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Year : 2013  |  Volume : 5  |  Issue : 5  |  Page : 261-269

Cardiac risk factors and psychosocial variables in coronary artery disease: A case-control study of the younger population of United Arab Emirates

1 Department of Psychology and Counseling, University, Al Ain, UAE
2 Division of Cardiology, Department of Medicine, Tawam Hospital, Al Ain, UAE

Correspondence Address:
Amber Haque
Department of Psychology and Counseling, UAE University, Al Ain
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Source of Support: None, Conflict of Interest: None

DOI: 10.4103/1947-489X.210555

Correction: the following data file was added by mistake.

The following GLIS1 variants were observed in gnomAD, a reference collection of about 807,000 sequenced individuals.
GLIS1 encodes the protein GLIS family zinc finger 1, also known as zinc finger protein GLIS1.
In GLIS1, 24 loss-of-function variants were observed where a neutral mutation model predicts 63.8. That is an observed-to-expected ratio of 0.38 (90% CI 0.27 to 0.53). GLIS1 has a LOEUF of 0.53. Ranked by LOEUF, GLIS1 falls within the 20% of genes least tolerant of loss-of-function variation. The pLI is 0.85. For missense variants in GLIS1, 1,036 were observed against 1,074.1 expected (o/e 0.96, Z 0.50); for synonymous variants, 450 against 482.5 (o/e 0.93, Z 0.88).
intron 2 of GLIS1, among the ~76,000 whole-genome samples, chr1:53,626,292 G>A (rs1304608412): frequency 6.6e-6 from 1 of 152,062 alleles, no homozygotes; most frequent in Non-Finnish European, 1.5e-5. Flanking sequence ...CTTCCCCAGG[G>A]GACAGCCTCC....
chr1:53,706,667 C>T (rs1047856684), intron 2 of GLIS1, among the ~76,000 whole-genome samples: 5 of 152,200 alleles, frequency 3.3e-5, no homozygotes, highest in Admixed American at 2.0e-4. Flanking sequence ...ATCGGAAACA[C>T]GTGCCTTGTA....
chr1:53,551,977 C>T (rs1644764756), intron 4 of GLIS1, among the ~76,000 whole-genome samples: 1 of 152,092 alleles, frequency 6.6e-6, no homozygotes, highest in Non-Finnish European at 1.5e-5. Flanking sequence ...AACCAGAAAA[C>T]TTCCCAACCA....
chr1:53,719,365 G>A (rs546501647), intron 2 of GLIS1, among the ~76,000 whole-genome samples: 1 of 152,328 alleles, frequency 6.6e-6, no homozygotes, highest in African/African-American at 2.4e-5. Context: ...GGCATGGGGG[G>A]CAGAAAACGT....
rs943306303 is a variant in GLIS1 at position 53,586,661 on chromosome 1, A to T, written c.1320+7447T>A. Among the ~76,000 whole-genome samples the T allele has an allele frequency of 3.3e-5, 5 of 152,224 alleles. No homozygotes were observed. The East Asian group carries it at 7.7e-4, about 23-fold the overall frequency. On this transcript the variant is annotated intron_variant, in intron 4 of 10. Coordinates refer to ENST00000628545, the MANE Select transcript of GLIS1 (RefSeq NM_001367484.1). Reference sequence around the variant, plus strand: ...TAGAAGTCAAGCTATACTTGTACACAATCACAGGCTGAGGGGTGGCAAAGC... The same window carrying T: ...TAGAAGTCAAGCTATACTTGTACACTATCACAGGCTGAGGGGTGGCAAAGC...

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Various psychosocial factors are known to contribute to the development of coronary artery diseases (CAD). However, most of these studies are done in the West and little is known about the contribution of such variables in the younger population of the Arabian Gulf region. Objectives: This study investigated the association of various physical and psychological variables with the development of coronary artery disease among young adults (<45 years old) in the United Arab Emirates. Patients and Methods: A case-control study was conducted with 90 CAD patients who underwent catherization due to heart attack and 90 control subjects selected within public setting during 2011-2012. Patient demographics, personality types, emotional intelligence and stress handling skills were also studied. Results: Eighty eight percent of the CAD patients were expatriates [88% South Asian, 20% Middle Eastern and 1% South East Asian]. Ninety five percent were men and 71% were in their 30s. Ninety two percent came from low socio-economic backgrounds; only 12 % had above high school education and 92% were classified as nonprofessional workers. Majority were married. Patients were more likely to have family history of CAD, diabetes, hypertension, and smoking when compared to controls. Diabetes, hypertension, smoking, and sedentary lifestyle were significantly more frequent among patients. type A personality was more in CAD patients than controls (61% vs 36%; p=<0.01). Patients and controls were significantly different in terms of emotional self-management (p<0.001). All control subjects were classified as emotionally unhealthy whereas 64% of patients were reported being in this category. Only 27% of patients indicated themselves as type D, which did not significantly differ from 29% of the control subjects. There was no significant difference between the two groups in stress handling abilities. Conclusions: This study revealed new findings on the prevalence of psychosocial variables in CAD in this region. Of interest that personality type D, stress handling abilities, and emotional intelligence were not significantly evident as cardiac risk factors in this population. More culturally sensitive measurements are needed to elucidate these findings further.

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